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Gage v. Township of Warren

June 10, 2009

THOMAS I. GAGE PRO SE, PLAINTIFF,
v.
TOWNSHIP OF WARREN, ET AL., DEFENDANTS.



The opinion of the court was delivered by: Wolfson, United States District Judge

OPINION

Presently before the Court is a Motions pursuant to Fed. R. Civ. P. 12(b)(6) brought by Defendants Township of Warren, Carolann Garafola, Victor Sordillo, Gary DiNardo, Joao Ferreira, Olga Ferreira, Shyam Baweja, Neelam Baweja, Ahmet Ulaj, Astrit Ulaj, and Kevin Page (collectively "Defendants")*fn1 to dismiss pro se Plaintiff Thomas I. Gage's ("Gage") Complaint. Gage alleges, inter alia, that he has been the "victim of property discrimination," arising from his ill-fated attempts to subdivide his residential property in an effort to make the property more marketable. The Court has reviewed the parties' submissions, and for the reasons stated below, Defendants' Motions to Dismiss are granted.

I. FACTUAL BACKGROUND AND PROCEDURAL HISTORY

Because Defendants move for dismissal pursuant to Fed. R. Civ. P. 12(b)(6), the Court will assume the facts as alleged in Gage's Complaint are true.*fn2

Although it is difficult to discern from Gage's "Brief Description of Cause," Gage is currently a property owner in Warren Township, who has, albeit unsuccessfully, attempted to sell the property. Over twelve years ago, Gage and his family purchased the four and a half acre parcel of land with the intent to subdivide and build additional houses on the property. Gage alleges, however, that he has been denied approval for that subdivision while his neighbors, including the Ulajs, Ferreiras, and the Bawejas, have been permitted to build houses along Giddes Lane, a stub road, adjacent to Gage's property. Another development, Sleepy Hollow, Gage alleges, interferes with his property. Gage further alleges that Sordillo, DiNardo, and Garafola, public officials in the Township of Warren, "have voluntarily abused their power of the Township Committee to favor Sleepy Hollow development, by lying and supporting Mr. Page's plan to disregard the preliminary amended and final approvals of Giddes Lane, because it would have a negative impact on Sleepy Hollow development." Plaintiff's Complaint.*fn3 All the while, Gage alleges, he has been either denied approval for his subdivision or has had his subdivision application "lost," which Gage intimates was done intentionally so as to protect the interests of various Defendants. As a result, Gage has been unable to sell his home, even though he has had five interested buyers in the property. Township Defendants proffer that they are no stranger to Gage's litigious ways, having been required to respond to a Prerogative Writ Complaint in New Jersey Superior Court, challenging the approval of the Sleepy Hollow development.*fn4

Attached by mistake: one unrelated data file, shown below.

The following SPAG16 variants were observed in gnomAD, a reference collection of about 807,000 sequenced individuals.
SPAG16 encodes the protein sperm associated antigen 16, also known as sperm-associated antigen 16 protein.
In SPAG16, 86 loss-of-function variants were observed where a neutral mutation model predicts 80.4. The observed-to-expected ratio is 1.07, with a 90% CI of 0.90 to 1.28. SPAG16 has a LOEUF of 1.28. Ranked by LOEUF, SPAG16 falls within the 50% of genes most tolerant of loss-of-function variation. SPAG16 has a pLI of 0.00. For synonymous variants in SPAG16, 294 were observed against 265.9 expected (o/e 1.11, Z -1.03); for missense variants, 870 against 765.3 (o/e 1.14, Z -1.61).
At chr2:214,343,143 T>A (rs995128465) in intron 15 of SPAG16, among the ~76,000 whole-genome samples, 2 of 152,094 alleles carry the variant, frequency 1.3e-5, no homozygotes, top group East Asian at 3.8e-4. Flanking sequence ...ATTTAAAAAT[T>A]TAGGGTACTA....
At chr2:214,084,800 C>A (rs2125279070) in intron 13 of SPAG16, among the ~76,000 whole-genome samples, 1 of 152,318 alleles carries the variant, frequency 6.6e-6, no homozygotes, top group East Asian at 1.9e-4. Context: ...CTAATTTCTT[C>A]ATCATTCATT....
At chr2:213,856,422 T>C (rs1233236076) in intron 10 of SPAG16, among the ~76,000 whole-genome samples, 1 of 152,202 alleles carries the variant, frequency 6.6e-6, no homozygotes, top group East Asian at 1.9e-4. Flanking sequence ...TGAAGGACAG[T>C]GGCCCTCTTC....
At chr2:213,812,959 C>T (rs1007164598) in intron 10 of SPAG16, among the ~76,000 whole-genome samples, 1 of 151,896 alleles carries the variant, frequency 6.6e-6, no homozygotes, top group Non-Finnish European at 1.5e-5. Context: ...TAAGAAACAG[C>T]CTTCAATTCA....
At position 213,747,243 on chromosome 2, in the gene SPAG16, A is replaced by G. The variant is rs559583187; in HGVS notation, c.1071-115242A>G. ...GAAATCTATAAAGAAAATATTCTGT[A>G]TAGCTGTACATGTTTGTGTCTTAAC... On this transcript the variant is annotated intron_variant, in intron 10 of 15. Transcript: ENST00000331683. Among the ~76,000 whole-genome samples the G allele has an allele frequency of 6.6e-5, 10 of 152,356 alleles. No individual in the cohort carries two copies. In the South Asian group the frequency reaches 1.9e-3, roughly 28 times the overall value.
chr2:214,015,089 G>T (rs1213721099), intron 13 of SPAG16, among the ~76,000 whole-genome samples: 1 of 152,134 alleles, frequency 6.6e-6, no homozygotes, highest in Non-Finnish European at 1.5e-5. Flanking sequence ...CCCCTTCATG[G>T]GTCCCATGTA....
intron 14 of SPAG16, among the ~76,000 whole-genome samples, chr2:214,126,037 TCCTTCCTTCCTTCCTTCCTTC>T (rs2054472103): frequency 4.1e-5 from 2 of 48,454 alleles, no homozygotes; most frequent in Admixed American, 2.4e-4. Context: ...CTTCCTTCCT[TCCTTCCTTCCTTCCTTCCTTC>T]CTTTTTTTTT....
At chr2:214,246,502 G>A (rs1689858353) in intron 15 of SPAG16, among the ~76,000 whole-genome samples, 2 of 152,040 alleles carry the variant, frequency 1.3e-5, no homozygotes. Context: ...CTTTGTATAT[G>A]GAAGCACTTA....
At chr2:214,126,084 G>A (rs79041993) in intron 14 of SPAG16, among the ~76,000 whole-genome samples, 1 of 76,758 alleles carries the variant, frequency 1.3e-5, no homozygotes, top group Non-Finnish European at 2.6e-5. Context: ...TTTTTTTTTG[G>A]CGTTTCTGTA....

Plaintiff initiated this cause of action in the United States District Court for the District of New Jersey on February 5, 2009. On February 26, 2009, Page filed a separate Answer to Gage's Complaint. On March 13, 2009, Defendants Township of Warren, Garafola, Sordillo, and DiNardo filed the present Motion to Dismiss Gage Complaint. The other Defendants, in separate letters to this Court, joined in with the Township Defendants, filing separate motions but joining in with the Township Defendants' brief. For the reasons stated below, Defendants' Motions to Dismiss are granted.